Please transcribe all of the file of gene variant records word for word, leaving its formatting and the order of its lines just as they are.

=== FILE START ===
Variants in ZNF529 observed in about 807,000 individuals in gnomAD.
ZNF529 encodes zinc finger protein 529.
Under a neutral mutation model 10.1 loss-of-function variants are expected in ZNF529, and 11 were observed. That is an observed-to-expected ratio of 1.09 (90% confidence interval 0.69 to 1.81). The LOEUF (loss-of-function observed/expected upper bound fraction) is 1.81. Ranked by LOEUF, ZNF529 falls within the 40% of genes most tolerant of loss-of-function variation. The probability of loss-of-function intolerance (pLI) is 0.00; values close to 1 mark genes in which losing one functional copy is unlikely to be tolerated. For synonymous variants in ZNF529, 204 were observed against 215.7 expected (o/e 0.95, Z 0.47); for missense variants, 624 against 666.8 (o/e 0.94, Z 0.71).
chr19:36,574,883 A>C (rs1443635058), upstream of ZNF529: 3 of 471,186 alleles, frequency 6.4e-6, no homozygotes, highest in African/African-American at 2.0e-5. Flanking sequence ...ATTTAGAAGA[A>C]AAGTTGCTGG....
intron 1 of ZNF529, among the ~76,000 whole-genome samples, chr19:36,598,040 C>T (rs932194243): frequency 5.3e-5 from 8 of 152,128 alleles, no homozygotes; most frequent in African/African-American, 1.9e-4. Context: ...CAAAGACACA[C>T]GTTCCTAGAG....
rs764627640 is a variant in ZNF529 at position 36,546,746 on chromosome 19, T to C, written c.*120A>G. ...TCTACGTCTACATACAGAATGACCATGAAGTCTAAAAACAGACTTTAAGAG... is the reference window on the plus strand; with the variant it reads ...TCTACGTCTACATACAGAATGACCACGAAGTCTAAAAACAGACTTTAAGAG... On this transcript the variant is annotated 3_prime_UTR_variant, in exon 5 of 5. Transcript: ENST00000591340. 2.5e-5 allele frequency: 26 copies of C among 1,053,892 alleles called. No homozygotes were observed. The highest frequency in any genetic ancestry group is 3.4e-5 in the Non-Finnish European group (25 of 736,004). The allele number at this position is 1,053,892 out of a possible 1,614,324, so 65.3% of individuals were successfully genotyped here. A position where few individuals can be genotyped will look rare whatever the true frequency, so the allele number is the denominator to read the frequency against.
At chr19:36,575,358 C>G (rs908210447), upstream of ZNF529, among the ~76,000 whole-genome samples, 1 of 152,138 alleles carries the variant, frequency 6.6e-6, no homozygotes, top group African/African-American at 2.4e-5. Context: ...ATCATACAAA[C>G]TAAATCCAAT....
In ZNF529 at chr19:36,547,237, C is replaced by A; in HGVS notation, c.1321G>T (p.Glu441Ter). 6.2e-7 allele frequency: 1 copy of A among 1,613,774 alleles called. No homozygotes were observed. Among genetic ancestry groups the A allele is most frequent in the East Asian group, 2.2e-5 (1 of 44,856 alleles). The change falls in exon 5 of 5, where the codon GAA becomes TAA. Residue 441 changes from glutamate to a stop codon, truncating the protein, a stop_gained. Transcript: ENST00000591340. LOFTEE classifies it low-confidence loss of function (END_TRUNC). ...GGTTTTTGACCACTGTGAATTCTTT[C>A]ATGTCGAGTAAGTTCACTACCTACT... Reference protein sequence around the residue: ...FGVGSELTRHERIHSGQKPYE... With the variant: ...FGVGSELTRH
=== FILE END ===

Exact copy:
Variants in ZNF529 observed in about 807,000 individuals in gnomAD.
ZNF529 encodes zinc finger protein 529.
Under a neutral mutation model 10.1 loss-of-function variants are expected in ZNF529, and 11 were observed. That is an observed-to-expected ratio of 1.09 (90% confidence interval 0.69 to 1.81). The LOEUF (loss-of-function observed/expected upper bound fraction) is 1.81. Ranked by LOEUF, ZNF529 falls within the 40% of genes most tolerant of loss-of-function variation. The probability of loss-of-function intolerance (pLI) is 0.00; values close to 1 mark genes in which losing one functional copy is unlikely to be tolerated. For synonymous variants in ZNF529, 204 were observed against 215.7 expected (o/e 0.95, Z 0.47); for missense variants, 624 against 666.8 (o/e 0.94, Z 0.71).
chr19:36,574,883 A>C (rs1443635058), upstream of ZNF529: 3 of 471,186 alleles, frequency 6.4e-6, no homozygotes, highest in African/African-American at 2.0e-5. Flanking sequence ...ATTTAGAAGA[A>C]AAGTTGCTGG....
intron 1 of ZNF529, among the ~76,000 whole-genome samples, chr19:36,598,040 C>T (rs932194243): frequency 5.3e-5 from 8 of 152,128 alleles, no homozygotes; most frequent in African/African-American, 1.9e-4. Context: ...CAAAGACACA[C>T]GTTCCTAGAG....
rs764627640 is a variant in ZNF529 at position 36,546,746 on chromosome 19, T to C, written c.*120A>G. ...TCTACGTCTACATACAGAATGACCATGAAGTCTAAAAACAGACTTTAAGAG... is the reference window on the plus strand; with the variant it reads ...TCTACGTCTACATACAGAATGACCACGAAGTCTAAAAACAGACTTTAAGAG... On this transcript the variant is annotated 3_prime_UTR_variant, in exon 5 of 5. Transcript: ENST00000591340. 2.5e-5 allele frequency: 26 copies of C among 1,053,892 alleles called. No homozygotes were observed. The highest frequency in any genetic ancestry group is 3.4e-5 in the Non-Finnish European group (25 of 736,004). The allele number at this position is 1,053,892 out of a possible 1,614,324, so 65.3% of individuals were successfully genotyped here. A position where few individuals can be genotyped will look rare whatever the true frequency, so the allele number is the denominator to read the frequency against.
At chr19:36,575,358 C>G (rs908210447), upstream of ZNF529, among the ~76,000 whole-genome samples, 1 of 152,138 alleles carries the variant, frequency 6.6e-6, no homozygotes, top group African/African-American at 2.4e-5. Context: ...ATCATACAAA[C>G]TAAATCCAAT....
In ZNF529 at chr19:36,547,237, C is replaced by A; in HGVS notation, c.1321G>T (p.Glu441Ter). 6.2e-7 allele frequency: 1 copy of A among 1,613,774 alleles called. No homozygotes were observed. Among genetic ancestry groups the A allele is most frequent in the East Asian group, 2.2e-5 (1 of 44,856 alleles). The change falls in exon 5 of 5, where the codon GAA becomes TAA. Residue 441 changes from glutamate to a stop codon, truncating the protein, a stop_gained. Transcript: ENST00000591340. LOFTEE classifies it low-confidence loss of function (END_TRUNC). ...GGTTTTTGACCACTGTGAATTCTTT[C>A]ATGTCGAGTAAGTTCACTACCTACT... Reference protein sequence around the residue: ...FGVGSELTRHERIHSGQKPYE... With the variant: ...FGVGSELTRH